Kingfisher operations got completely paralysed after pilots and some other staff joined the striking engineers protesting non-payment of salaries for the last six months
Mumbai: Kingfisher Airlines on Monday night declared a partial lock-out with immediate effect and suspended till Thursday flight operations which came to a grinding halt following a strike by a section of its employees, reports PTI.
In a statement, the Vijay Mallya-owned private carrier said it has been forced to declare a "partial lock-out" following a series of "protracted and unabated incidents of violence, criminal intimidation, assault, wrongful restraint and other illegal acts" including refraining from attending work, by a small section of "recalcitrant" employees.
The airline said the action by the recalcitrant employees who have regrettably chosen to take law into their own hands forcing a complete paralysis of operations were all "unnecessary and unprovoked."
"It has been decided that flight operations will be suspended for the next three days, i.e. until 4 October 2012," it added.
The operations got completely paralysed on Monday after pilots and some other staff joined the striking engineers protesting non-payment of salaries for the last six months, sending the shares of the airline tumbling by 5%.
Before commencing legal action, the airline said it will make efforts to continue to engage with striking employees to persuade them not to indulge in any intimidatory tactics.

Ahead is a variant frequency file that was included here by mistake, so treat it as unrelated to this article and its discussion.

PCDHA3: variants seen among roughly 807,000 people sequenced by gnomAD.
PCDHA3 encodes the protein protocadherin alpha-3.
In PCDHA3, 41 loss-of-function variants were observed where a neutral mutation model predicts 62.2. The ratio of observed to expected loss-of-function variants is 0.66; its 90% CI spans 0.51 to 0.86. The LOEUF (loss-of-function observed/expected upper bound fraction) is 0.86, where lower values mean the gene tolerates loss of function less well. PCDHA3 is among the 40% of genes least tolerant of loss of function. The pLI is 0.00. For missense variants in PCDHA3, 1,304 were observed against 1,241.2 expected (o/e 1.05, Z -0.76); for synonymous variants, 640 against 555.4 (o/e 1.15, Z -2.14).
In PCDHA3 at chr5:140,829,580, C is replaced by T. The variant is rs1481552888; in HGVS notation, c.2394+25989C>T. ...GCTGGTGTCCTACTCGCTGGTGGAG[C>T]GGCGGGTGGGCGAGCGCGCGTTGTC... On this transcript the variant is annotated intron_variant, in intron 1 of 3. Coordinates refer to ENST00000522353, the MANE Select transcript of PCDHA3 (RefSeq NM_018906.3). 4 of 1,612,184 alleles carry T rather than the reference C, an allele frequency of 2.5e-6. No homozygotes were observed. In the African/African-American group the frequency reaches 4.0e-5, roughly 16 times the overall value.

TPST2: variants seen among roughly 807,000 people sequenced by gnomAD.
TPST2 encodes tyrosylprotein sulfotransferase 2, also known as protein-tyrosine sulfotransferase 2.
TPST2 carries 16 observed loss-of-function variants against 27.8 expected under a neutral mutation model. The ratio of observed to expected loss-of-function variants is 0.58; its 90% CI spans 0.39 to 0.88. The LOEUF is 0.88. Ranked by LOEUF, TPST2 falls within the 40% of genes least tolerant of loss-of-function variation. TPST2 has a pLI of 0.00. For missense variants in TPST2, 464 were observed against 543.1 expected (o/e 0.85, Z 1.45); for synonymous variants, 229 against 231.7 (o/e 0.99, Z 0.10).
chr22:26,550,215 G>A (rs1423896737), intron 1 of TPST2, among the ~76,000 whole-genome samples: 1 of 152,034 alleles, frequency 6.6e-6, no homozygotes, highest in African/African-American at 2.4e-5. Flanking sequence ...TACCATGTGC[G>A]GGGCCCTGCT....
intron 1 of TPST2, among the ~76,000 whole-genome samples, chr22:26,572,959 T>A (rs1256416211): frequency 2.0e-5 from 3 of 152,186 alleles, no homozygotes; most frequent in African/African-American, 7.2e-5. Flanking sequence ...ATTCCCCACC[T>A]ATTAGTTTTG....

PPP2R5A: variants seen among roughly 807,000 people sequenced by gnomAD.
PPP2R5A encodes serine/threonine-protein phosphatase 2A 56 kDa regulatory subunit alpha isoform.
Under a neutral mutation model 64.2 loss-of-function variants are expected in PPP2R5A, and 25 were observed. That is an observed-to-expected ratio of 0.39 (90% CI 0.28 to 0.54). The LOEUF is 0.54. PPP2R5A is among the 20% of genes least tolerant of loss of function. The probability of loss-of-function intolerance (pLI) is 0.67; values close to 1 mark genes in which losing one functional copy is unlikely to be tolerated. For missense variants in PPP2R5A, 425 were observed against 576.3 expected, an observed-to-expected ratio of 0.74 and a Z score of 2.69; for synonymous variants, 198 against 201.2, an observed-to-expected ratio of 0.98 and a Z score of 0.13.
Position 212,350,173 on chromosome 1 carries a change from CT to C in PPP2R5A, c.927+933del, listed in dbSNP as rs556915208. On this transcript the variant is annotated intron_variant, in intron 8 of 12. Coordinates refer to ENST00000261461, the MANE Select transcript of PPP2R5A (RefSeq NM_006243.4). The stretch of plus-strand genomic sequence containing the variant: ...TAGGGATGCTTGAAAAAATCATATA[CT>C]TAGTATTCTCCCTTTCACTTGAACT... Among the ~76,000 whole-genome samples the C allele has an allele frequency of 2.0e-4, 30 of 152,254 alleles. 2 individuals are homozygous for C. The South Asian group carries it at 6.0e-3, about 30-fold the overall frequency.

The management earlier in the day warned of a temporary shutdown, citing lack of funds to pay salaries even for a month.
"We had a long meeting with the CEO Sanjay Aggarwal but no solution has come out rather he threatened a temporary shutdown saying it did not have funds to pay salaries even for a month," a representative of the striking engineers who was part of the meeting told PTI.
The meeting between the representatives of striking engineers and Aggarwal lasted for around two-and-a half-hours.
With its engineers on strike, Kingfisher reportedly approached Air India and others for getting its aircraft checked for certification.
Earlier in the day, the Aviation Minister Ajit Singh had said, "We can't allow Kingfisher to fly until their aircraft are certified. (Since) their engineers are on strike, they can get the planes certified by other engineers also."
However, the minister warned that if the DGCA finds that Kingfisher is not sticking to its schedule or violating safety norms, action will be initiated.
Significantly, Singh ruled out shutting down the airline saying, "the government is not in the business of shutting down businesses," as that will "create lot of problems. Even with the 3% market share Kingfisher has, such a move will create a havoc."
For the second day today, operations of the private carriere were paralysed as most of its pilots and engineers, who have not been paid for the six months, struck work.